Granted, some of those people who responded to the survey may have been suffering from sleep deprivation or an illness that made them feel drowsy anyway, so it wasn’t necessarily the level of interest at the meeting which caused the problem but if even one person feels so detached at a meeting that sleep seems an option, then something’s wrong – and maybe the style of the meeting needs to be revamped.
Pre-empting any issues that may affect employees’ enjoyment of the meeting is a proactive approach that should produce dividends.
According to employees, one reason that they dread meetings is because they often start late, wasting people’s time and making everyone feel resentful from the onset. People continue to arrive late, leaving their colleagues sitting around waiting for the presentation to begin.
Politician and inventor Benjamin Franklyn, one of the founding fathers of the United States, coined the phrase, “Time is money,” so when some staff are late, it’s costing your business money in terms of colleagues’ wasted time.
Combat this problem by writing a kind but clear email in advance to let everyone know that being late isn’t an option. Those attending the meeting need to be prepared from the word go, even if this means arriving a little early. Let everyone know your meetings will start on time, even if people are missing. This will satisfy those who turn up on time, while letting the repeat offenders know you’re keeping an eye on them.
Studies have revealed that the average person’s attention span is around 18 minutes, so you may notice people in your meetings getting a glazed expression after a while, even in a 30-minute meeting. The best way to avoid a sea of dazed expressions is to avoid lectures, instead keeping your team engaged by asking for input so they have to keep thinking and don’t just switch off.
If it’s a longer meeting, schedule breaks – and if you’re meeting around lunchtime, make sure beverages and a light lunch are provided. Nothing will take people’s minds off-track more quickly than hunger! The timing of a meeting is also crucial, as holding it too early or too late can kill the mood. Researchers also recommend trying different locations for meetings to pump up creativity.
Studies show the best time for a meeting is mid-afternoon, when employees have completed their work and had time to plan effectively but they won’t be thinking, “It’s nearly home time.”
How many of us have been at a meeting when it overruns and begins to descend into chaos due to one person or team hijacking the agenda with lots of questions or criticism that aren’t always relevant? This can be a disaster unless the chair of the meeting is experienced at dealing with the situation, as other attendees can start losing interest and begin looking at their watches.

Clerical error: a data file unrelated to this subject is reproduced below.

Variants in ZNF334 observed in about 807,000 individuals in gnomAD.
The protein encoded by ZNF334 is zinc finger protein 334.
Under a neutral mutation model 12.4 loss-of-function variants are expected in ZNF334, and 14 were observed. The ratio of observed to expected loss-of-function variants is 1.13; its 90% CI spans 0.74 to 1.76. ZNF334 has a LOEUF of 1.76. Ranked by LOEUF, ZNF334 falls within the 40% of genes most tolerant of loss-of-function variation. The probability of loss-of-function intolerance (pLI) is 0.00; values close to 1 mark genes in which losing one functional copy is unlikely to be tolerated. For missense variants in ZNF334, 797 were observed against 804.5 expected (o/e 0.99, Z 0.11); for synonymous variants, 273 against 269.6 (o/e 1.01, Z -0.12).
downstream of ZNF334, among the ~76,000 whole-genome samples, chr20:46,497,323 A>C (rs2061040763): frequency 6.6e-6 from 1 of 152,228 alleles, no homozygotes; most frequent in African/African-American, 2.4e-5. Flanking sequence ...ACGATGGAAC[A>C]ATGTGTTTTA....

It’s crucial to get a grip on the proceedings right away. For example, if the meeting is becoming emotionally charged, don’t let others run away with it – always maintain control. If one team is taking over, use a direct approach to reiterate the agenda. Remind everyone that time is limited and suggest organising a separate meeting to address the specific concerns being raised. Use a professional and matter-of-fact tone to communicate the fact that you’re still in charge.
Appropriate planning to pre-empt any issues will help prevent meetings mishaps further down the line but if something unplanned does crop up, it’s important to keep a cool head and know how to deal with it to get your meeting back on track as quickly as possible.
For the dawning of a new and more fruitful meeting era, &Meetings can get you off to a head start thanks to our great value meeting rooms in London! Phone us on 0800 073 0499 and we’ll be happy to help you through the booking process.
Meetings that made history… When Julius Caesar met his assassin
12 March 2018
Meetings that make history… Cheltenham Festival: One of the UK’s biggest race meetings
Historic meetings… When Bob Marley met the Wailers
6 March 2018
Meetings that made TV history… When Morecambe met Wise
27 February 2018